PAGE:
Based upon the formula, you would need to sell 200 products to cover all your fixed costs, effectivly "breaking even." To be profitable, you would have to sell at least 201 products.

Why is a break-even analysis important?

A break-even analysis informs you about the bare minimum performance your business must meet in order to avoid losing money. It helps business owners understand at which point they generate profits so they can set production goals accordingly. 

The third benefit of a break-even analysis is that it helps businesses in the planning stages determine whether an idea is feasible or not. Once a business has been established, a break-even analysis can help develop cost structures as well as identify opportunities for promotions and discounts. 

While there is a lot to know about conducting a break-even analysis, let's focus on the most common uses.

1. To determine the point of profitability

A business that doesn't turn a profit is one that could take a turn for the worse at any time. This is why every company needs to focus on its point of profitability.

Point of Profitability

Ask yourself: 

  • How much revenue do I need to generate to cover all of my expenses?
  • Which products or services generate a profit?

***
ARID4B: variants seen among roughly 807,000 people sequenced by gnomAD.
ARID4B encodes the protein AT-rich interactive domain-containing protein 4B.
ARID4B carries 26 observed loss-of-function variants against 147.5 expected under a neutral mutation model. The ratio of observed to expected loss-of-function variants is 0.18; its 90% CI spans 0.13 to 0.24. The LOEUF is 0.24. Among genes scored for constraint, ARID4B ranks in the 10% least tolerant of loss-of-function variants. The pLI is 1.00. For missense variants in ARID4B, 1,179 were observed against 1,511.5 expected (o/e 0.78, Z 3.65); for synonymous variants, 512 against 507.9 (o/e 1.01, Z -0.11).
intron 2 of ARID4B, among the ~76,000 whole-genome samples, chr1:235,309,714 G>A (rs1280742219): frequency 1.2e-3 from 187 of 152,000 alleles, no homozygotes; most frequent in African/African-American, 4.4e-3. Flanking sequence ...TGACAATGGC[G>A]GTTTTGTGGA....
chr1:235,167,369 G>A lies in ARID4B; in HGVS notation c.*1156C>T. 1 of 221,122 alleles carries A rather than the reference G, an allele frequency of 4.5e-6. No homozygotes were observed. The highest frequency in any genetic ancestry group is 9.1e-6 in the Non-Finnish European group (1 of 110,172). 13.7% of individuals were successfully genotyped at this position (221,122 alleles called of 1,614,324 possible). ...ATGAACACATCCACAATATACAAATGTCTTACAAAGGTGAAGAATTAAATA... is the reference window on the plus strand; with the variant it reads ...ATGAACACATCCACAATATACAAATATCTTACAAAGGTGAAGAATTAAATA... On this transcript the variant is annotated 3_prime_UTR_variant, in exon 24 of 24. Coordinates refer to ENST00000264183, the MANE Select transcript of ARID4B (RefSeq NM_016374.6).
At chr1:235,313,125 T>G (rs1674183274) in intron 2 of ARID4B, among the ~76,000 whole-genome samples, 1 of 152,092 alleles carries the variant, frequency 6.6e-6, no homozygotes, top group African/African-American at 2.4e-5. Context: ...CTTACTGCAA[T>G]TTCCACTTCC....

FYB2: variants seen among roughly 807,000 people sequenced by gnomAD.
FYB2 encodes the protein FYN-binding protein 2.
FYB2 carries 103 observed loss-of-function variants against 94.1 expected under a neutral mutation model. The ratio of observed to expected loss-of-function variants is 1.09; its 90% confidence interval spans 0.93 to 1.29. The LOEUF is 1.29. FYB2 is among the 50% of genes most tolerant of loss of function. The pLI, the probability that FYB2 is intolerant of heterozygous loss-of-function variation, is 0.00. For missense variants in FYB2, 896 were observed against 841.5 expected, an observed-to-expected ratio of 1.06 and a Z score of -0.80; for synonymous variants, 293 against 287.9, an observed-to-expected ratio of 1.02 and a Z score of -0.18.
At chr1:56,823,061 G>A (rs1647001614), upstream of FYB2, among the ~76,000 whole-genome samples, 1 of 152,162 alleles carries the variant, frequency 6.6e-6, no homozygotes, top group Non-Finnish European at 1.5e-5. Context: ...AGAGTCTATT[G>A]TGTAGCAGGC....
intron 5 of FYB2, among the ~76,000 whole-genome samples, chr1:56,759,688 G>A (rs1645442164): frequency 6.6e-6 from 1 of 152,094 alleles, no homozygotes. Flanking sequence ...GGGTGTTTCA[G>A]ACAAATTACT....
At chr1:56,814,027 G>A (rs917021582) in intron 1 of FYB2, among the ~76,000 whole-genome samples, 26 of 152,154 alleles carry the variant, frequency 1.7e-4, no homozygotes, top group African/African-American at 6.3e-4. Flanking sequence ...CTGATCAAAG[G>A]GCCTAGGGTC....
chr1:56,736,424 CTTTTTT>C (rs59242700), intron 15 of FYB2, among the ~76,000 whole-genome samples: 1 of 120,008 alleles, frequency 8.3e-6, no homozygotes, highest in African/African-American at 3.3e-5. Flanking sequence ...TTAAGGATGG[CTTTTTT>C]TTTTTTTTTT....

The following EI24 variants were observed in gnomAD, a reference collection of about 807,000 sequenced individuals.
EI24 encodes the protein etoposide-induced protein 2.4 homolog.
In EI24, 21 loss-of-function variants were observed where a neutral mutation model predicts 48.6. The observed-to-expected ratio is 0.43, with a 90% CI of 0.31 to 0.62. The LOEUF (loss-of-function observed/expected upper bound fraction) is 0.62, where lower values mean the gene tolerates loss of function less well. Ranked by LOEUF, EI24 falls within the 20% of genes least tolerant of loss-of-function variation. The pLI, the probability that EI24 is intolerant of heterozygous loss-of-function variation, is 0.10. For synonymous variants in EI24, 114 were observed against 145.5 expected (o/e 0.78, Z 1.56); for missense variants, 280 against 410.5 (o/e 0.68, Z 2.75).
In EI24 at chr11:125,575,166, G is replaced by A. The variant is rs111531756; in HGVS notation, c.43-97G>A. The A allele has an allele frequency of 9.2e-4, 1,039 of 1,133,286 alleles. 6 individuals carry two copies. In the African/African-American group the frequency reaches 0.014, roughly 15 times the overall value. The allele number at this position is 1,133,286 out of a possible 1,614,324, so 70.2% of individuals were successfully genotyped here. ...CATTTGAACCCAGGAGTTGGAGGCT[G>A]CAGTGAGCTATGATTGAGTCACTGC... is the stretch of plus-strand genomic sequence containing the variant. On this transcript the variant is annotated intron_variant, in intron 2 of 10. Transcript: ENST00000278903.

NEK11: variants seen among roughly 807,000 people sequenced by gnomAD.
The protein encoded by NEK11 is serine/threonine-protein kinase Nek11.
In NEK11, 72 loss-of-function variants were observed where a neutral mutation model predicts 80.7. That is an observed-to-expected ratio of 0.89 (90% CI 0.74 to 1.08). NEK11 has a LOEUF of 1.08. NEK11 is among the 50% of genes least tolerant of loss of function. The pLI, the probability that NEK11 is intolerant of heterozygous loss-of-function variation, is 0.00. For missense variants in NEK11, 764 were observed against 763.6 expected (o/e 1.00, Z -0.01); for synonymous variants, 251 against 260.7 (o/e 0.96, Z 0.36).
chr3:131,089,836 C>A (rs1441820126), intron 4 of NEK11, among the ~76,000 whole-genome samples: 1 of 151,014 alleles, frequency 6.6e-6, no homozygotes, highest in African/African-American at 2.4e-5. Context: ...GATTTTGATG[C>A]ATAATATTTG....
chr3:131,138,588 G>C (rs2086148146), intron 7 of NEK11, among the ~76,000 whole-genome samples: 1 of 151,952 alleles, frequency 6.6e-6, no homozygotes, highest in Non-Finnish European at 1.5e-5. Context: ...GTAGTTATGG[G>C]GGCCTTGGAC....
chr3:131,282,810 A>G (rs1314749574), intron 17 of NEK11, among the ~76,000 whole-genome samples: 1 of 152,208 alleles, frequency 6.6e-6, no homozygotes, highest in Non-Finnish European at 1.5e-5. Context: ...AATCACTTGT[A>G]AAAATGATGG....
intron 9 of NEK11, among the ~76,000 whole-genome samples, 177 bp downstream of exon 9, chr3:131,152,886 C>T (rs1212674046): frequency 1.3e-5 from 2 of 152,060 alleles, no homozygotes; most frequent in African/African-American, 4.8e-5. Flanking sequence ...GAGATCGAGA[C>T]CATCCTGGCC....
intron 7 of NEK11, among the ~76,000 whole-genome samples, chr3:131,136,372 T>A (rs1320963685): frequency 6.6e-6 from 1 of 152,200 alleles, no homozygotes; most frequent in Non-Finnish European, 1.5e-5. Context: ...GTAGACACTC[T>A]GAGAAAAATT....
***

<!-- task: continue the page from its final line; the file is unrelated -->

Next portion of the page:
• Which products or services are sold at a loss? 

Your company (and others, e.g., investors) share a common goal: to become profitable as soon as possible. To ensure that you are on the right track, it is necessary to focus on your numbers upfront. 

If you need help calculating your break-even point, Harvard Business School provides a toolkit full of information and analysis tools. Here is a brief excerpt regarding its use: 

This downloadable interactive workbook, one of several workbooks/tutorials from the HBS Toolkit used by Harvard Business School students, is designed to help calculate a break-even point or target profit level based on the fixed costs, variable costs, and unit price of the product or service being analyzed. 

Not every company determines its break-even. Some business owners aren't aware of it, and some never calculate their break-even point, only to discover later that they are either not generating a profit or not generating as much of a profit as they believed they would.

2. To properly price a product or service

Finding your break-even point will help you price your products better. You need to generate X amount of revenue to break even and begin turning a profit. 

But to understand the big picture, you have to examine the finer details. This means finding the break-even point for your products or services. When most people think about pricing, they primarily take into account how much their product costs to create.

break even point